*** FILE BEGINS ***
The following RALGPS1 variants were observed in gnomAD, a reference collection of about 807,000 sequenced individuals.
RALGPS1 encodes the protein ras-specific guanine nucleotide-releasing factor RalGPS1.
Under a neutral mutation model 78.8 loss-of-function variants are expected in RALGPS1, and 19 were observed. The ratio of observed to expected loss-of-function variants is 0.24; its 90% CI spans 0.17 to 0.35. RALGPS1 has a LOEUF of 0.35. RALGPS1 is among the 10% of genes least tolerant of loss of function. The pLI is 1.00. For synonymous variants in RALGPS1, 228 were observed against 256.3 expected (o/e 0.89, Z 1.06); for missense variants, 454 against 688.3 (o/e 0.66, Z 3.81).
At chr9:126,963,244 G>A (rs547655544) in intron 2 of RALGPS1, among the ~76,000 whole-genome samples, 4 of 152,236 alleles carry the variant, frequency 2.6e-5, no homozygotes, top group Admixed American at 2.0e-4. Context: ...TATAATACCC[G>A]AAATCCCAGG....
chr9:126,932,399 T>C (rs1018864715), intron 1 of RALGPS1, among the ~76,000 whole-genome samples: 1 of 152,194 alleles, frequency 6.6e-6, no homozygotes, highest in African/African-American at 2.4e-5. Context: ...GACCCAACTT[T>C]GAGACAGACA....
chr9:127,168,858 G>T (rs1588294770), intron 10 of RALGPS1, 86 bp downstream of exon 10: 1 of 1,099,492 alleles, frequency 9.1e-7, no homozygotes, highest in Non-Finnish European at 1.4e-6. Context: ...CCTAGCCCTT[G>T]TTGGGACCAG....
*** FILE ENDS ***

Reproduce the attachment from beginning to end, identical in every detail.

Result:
The following RALGPS1 variants were observed in gnomAD, a reference collection of about 807,000 sequenced individuals.
RALGPS1 encodes the protein ras-specific guanine nucleotide-releasing factor RalGPS1.
Under a neutral mutation model 78.8 loss-of-function variants are expected in RALGPS1, and 19 were observed. The ratio of observed to expected loss-of-function variants is 0.24; its 90% CI spans 0.17 to 0.35. RALGPS1 has a LOEUF of 0.35. RALGPS1 is among the 10% of genes least tolerant of loss of function. The pLI is 1.00. For synonymous variants in RALGPS1, 228 were observed against 256.3 expected (o/e 0.89, Z 1.06); for missense variants, 454 against 688.3 (o/e 0.66, Z 3.81).
At chr9:126,963,244 G>A (rs547655544) in intron 2 of RALGPS1, among the ~76,000 whole-genome samples, 4 of 152,236 alleles carry the variant, frequency 2.6e-5, no homozygotes, top group Admixed American at 2.0e-4. Context: ...TATAATACCC[G>A]AAATCCCAGG....
chr9:126,932,399 T>C (rs1018864715), intron 1 of RALGPS1, among the ~76,000 whole-genome samples: 1 of 152,194 alleles, frequency 6.6e-6, no homozygotes, highest in African/African-American at 2.4e-5. Context: ...GACCCAACTT[T>C]GAGACAGACA....
chr9:127,168,858 G>T (rs1588294770), intron 10 of RALGPS1, 86 bp downstream of exon 10: 1 of 1,099,492 alleles, frequency 9.1e-7, no homozygotes, highest in Non-Finnish European at 1.4e-6. Context: ...CCTAGCCCTT[G>T]TTGGGACCAG....